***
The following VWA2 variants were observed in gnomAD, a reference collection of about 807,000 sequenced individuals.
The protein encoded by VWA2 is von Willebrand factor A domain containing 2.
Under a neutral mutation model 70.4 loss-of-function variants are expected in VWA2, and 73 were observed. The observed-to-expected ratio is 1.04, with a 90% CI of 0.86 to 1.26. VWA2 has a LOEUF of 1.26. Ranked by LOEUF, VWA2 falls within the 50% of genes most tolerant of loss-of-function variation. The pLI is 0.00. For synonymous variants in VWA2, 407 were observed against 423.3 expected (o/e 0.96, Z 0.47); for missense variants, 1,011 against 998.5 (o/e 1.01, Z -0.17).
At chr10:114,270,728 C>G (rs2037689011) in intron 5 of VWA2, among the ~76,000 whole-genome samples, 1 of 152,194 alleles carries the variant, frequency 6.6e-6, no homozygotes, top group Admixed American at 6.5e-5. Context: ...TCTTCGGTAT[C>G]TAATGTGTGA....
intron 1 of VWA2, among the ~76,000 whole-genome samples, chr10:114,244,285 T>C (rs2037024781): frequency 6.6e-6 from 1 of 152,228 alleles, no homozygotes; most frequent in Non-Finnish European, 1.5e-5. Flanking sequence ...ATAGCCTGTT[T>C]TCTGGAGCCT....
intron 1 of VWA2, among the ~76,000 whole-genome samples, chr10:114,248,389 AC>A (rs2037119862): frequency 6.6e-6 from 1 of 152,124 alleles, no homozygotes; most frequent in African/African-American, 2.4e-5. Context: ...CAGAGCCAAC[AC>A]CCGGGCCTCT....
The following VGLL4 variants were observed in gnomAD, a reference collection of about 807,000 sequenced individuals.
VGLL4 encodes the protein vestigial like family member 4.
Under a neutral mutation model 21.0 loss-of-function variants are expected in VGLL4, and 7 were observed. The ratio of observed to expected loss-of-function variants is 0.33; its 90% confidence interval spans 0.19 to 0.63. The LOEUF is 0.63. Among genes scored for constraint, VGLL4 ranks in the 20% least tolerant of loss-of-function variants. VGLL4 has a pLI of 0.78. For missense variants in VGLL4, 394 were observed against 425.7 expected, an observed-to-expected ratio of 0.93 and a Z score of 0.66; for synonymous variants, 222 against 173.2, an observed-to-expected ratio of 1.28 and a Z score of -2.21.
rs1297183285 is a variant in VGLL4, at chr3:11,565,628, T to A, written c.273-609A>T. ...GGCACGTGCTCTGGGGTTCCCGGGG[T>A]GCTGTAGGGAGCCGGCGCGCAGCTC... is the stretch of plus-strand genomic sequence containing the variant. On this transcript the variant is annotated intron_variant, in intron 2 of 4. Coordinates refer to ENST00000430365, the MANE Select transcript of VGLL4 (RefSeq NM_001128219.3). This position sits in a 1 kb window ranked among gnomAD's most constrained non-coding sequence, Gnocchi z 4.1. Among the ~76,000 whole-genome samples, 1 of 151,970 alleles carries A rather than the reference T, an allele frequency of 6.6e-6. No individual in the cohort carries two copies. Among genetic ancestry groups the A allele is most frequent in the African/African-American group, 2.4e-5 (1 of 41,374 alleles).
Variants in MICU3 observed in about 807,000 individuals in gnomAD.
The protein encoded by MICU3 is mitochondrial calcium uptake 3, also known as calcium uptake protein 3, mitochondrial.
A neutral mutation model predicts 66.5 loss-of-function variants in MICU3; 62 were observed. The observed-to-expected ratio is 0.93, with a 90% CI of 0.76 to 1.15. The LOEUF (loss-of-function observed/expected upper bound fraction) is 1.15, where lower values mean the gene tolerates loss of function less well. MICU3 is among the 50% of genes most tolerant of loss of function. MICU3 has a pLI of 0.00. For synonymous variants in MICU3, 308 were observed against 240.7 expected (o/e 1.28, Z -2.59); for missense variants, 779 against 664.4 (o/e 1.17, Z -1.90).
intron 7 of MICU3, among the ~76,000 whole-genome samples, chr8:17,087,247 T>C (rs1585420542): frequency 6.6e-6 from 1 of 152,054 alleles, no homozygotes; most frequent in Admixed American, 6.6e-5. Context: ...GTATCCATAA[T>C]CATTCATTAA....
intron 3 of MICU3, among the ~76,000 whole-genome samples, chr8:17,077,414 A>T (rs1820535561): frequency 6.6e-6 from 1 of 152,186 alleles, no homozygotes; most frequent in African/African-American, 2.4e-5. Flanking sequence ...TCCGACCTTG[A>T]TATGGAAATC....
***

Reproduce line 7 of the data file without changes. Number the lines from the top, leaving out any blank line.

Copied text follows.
The following VGLL4 variants were observed in gnomAD, a reference collection of about 807,000 sequenced individuals.